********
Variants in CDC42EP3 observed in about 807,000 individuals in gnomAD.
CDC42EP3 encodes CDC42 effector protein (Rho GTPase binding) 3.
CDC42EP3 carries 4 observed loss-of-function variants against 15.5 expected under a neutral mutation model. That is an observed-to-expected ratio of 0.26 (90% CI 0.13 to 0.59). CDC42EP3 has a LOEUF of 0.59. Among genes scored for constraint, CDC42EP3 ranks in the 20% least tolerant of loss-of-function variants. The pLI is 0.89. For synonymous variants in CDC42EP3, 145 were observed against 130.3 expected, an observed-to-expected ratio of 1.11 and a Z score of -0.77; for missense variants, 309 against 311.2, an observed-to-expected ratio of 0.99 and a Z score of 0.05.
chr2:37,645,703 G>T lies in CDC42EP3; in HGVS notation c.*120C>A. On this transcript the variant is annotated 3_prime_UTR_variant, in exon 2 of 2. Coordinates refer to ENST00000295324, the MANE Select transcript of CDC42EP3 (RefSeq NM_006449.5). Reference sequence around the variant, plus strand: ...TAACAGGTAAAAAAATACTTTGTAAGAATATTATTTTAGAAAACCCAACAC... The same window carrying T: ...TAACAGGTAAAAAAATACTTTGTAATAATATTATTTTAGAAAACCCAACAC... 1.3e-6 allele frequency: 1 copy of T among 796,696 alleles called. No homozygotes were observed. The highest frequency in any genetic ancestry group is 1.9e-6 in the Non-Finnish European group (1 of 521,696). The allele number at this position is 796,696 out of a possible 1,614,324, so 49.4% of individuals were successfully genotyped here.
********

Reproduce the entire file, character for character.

Variants in CDC42EP3 observed in about 807,000 individuals in gnomAD.
CDC42EP3 encodes CDC42 effector protein (Rho GTPase binding) 3.
CDC42EP3 carries 4 observed loss-of-function variants against 15.5 expected under a neutral mutation model. That is an observed-to-expected ratio of 0.26 (90% CI 0.13 to 0.59). CDC42EP3 has a LOEUF of 0.59. Among genes scored for constraint, CDC42EP3 ranks in the 20% least tolerant of loss-of-function variants. The pLI is 0.89. For synonymous variants in CDC42EP3, 145 were observed against 130.3 expected, an observed-to-expected ratio of 1.11 and a Z score of -0.77; for missense variants, 309 against 311.2, an observed-to-expected ratio of 0.99 and a Z score of 0.05.
chr2:37,645,703 G>T lies in CDC42EP3; in HGVS notation c.*120C>A. On this transcript the variant is annotated 3_prime_UTR_variant, in exon 2 of 2. Coordinates refer to ENST00000295324, the MANE Select transcript of CDC42EP3 (RefSeq NM_006449.5). Reference sequence around the variant, plus strand: ...TAACAGGTAAAAAAATACTTTGTAAGAATATTATTTTAGAAAACCCAACAC... The same window carrying T: ...TAACAGGTAAAAAAATACTTTGTAATAATATTATTTTAGAAAACCCAACAC... 1.3e-6 allele frequency: 1 copy of T among 796,696 alleles called. No homozygotes were observed. The highest frequency in any genetic ancestry group is 1.9e-6 in the Non-Finnish European group (1 of 521,696). The allele number at this position is 796,696 out of a possible 1,614,324, so 49.4% of individuals were successfully genotyped here.